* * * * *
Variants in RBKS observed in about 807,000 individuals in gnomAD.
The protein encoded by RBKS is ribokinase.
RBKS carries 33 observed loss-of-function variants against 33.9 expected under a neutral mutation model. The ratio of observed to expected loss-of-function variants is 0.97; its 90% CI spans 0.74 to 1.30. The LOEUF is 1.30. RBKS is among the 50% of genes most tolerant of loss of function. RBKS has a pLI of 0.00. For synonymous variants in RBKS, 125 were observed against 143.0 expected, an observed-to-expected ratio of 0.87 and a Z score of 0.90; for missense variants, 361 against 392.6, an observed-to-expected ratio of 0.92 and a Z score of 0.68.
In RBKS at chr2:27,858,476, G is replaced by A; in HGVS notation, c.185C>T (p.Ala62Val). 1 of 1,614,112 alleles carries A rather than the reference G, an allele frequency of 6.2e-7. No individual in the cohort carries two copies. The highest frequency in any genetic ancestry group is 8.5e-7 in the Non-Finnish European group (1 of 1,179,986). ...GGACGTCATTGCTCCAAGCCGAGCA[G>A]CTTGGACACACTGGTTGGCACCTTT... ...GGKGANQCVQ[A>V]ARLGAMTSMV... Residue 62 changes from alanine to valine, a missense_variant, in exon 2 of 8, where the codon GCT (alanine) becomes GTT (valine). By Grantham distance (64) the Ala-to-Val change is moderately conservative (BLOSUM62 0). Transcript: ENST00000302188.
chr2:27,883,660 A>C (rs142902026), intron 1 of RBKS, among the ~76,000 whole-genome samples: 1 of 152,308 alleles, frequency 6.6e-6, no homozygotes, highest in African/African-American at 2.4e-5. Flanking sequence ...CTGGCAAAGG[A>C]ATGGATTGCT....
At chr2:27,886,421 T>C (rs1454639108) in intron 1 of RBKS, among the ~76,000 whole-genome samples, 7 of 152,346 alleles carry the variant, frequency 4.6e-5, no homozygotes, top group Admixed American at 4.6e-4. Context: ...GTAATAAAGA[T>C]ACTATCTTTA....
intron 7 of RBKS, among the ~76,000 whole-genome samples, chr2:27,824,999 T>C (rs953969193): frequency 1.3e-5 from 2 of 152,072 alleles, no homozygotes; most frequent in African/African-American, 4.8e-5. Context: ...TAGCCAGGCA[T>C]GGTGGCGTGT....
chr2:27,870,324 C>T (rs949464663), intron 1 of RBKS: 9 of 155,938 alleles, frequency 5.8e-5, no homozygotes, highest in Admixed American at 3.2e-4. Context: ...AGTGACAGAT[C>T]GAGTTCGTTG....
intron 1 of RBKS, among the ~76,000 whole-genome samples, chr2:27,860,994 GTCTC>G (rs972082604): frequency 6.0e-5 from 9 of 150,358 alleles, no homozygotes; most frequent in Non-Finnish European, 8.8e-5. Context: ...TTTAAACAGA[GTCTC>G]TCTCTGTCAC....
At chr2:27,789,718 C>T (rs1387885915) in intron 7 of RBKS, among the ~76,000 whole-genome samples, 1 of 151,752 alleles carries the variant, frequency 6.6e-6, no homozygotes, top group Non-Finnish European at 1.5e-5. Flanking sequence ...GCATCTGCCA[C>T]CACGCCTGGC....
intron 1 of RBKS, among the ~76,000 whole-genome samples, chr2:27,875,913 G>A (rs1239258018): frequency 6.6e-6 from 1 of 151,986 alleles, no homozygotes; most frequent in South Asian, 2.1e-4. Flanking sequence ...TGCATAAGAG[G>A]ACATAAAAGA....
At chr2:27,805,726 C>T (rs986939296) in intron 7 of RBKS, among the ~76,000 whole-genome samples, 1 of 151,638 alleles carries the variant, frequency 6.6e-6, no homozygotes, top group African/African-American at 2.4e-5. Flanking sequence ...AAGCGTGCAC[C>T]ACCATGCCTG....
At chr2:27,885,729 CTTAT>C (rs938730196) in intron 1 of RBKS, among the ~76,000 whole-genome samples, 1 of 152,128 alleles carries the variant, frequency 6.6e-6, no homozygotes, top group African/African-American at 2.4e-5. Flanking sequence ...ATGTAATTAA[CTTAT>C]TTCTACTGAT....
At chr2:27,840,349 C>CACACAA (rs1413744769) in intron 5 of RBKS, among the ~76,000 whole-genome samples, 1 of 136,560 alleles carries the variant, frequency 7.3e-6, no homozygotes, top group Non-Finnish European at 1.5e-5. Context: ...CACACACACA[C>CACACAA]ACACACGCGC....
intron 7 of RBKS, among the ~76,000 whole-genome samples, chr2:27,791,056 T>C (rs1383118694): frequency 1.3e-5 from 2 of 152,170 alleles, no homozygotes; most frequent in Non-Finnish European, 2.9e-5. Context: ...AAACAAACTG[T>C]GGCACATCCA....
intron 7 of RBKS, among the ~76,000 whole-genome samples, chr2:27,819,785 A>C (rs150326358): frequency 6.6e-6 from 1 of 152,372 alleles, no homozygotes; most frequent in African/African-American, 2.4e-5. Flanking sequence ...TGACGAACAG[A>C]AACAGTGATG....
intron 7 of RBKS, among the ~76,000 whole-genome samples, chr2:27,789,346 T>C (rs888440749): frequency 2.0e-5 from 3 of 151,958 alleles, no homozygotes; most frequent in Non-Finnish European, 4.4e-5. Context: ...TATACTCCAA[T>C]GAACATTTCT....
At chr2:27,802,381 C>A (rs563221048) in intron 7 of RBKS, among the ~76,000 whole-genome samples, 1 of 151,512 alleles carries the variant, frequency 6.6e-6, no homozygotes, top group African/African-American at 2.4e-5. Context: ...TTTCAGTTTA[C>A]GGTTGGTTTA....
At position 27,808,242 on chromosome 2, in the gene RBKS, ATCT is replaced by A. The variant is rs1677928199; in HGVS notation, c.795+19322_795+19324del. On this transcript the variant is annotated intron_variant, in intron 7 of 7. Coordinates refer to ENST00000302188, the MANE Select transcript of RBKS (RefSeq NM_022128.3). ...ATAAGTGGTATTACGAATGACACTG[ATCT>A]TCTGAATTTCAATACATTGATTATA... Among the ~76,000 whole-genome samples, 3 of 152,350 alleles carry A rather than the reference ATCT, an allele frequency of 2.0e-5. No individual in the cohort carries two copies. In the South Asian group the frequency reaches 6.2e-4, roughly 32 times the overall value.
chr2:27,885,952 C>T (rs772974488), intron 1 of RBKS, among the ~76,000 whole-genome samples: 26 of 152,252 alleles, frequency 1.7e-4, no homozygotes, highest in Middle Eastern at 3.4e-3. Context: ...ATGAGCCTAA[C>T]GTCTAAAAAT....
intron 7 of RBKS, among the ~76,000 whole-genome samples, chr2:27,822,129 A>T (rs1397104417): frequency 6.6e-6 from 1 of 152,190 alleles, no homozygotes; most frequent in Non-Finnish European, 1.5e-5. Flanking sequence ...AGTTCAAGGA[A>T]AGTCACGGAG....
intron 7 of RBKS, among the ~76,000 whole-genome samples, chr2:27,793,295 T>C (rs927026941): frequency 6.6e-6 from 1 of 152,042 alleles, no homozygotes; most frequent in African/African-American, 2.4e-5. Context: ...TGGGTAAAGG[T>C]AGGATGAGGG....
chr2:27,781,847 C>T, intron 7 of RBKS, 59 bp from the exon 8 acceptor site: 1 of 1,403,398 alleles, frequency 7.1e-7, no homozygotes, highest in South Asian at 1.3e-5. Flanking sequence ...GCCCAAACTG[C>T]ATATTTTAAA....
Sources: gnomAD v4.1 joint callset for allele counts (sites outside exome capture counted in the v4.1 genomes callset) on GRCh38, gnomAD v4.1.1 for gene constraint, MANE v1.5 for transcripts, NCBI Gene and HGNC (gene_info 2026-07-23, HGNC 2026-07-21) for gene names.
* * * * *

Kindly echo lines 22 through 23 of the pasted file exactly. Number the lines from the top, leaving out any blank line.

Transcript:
intron 7 of RBKS, among the ~76,000 whole-genome samples, chr2:27,793,295 T>C (rs927026941): frequency 6.6e-6 from 1 of 152,042 alleles, no homozygotes; most frequent in African/African-American, 2.4e-5. Context: ...TGGGTAAAGG[T>C]AGGATGAGGG....
chr2:27,781,847 C>T, intron 7 of RBKS, 59 bp from the exon 8 acceptor site: 1 of 1,403,398 alleles, frequency 7.1e-7, no homozygotes, highest in South Asian at 1.3e-5. Flanking sequence ...GCCCAAACTG[C>T]ATATTTTAAA....